Just before the interval the traitor in the gang is revealed and once the plot twist is exposed the rest of the film loses most of the suspense and tension and becomes just another action flick. At least until near the end, where everything picks up again until the rather OTT climax fight.  The second half does tend to drag in parts and it’s not helped by the rather odd placement of the songs which mostly just disrupt the story. There is one terrible item song with Koena Mitra featuring a noticeable lack of dancing and dreadful lyrics which is used during a scene in a club and could very easily have been replaced with random dancing bodies for a more watchable effect. However a rather graphic depiction of the realities and consequences of becoming a drug mule is excellently done, and there are some great car chase sequences and explosions in the second half which almost make up for the meandering plot.

The film seems designed mainly to allow Suriya to show off his action hero persona and on that level it works well. He looks fit and capable and perfectly plays the action, romantic and comedy scenes, easily switching between the different moods and illustrating his versatility. The other characters are also well developed with both Chitti and Dass having plenty of input into the storyline and their presence also helps to define Deva’s character. Prabhas is excellent as Dass and injects a surprising amount of dignity into his role as a smuggler. The relationship between Dass and Deva is also nicely portrayed and there is genuine warmth between the characters. Renuka is good as Surya’s mother Kaveri and the other support actors all seem to fit well into their parts. Ponvannan also makes an appearance as Partiban, the harrassed Police officer in charge of customs at Chennai Airport who searches Deva on a fairly regular schedule. It’s really only Akashdeep Saigal who disappoints in both characterisation and dialogue.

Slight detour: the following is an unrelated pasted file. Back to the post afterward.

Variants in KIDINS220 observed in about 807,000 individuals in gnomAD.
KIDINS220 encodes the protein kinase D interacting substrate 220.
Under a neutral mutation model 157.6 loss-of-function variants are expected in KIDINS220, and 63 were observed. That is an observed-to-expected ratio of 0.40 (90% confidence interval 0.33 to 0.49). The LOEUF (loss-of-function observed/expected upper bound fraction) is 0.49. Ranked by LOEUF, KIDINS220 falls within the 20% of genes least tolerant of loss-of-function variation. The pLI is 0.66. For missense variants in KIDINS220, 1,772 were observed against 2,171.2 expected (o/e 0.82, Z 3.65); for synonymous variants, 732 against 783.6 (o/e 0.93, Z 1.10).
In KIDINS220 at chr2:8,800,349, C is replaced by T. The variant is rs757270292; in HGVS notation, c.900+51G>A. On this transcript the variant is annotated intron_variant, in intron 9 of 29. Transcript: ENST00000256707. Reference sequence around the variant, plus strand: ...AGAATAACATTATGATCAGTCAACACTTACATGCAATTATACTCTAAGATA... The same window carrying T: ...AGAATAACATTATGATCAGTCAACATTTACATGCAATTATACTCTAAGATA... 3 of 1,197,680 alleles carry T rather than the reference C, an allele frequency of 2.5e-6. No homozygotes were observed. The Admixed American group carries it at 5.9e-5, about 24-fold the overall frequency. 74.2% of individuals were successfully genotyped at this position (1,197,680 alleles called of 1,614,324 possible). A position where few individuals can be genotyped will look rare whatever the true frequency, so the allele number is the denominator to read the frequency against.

Despite the unconvincing criminal Kamalesh, I really enjoy watching this film. There is plenty of action, good chemistry between Suriya and Tamanna, (although better between Suriya and Jagan) and the movie looks slick and polished. It just needs a snappier script and tighter story to make better use of the clever twists in the plot.  Still well worth a watch if you are a Suriya fan or enjoy a mass action film which keeps the action coming. 3 ½ stars for the action, story and overall film but 5 stars for Suriya!

10 thoughts on “Ayan

  1. A very enjoyable movie…..I loved watching it….I give the movie 4 stars out of 5 for excellent acting by the leads and the supporting actors….also for the songs…I liked all of them…even the Koena Mitra song for the audio rather than the video actually…but I myself have cut 1 star because I found the death of Jagan’s character in the movie too OTT…..but still….I too recommend it…especially for both Surya and non-Surya fans!


    • Hi Pulkita
      Thanks for your comment 🙂 Glad to hear you like this movie too!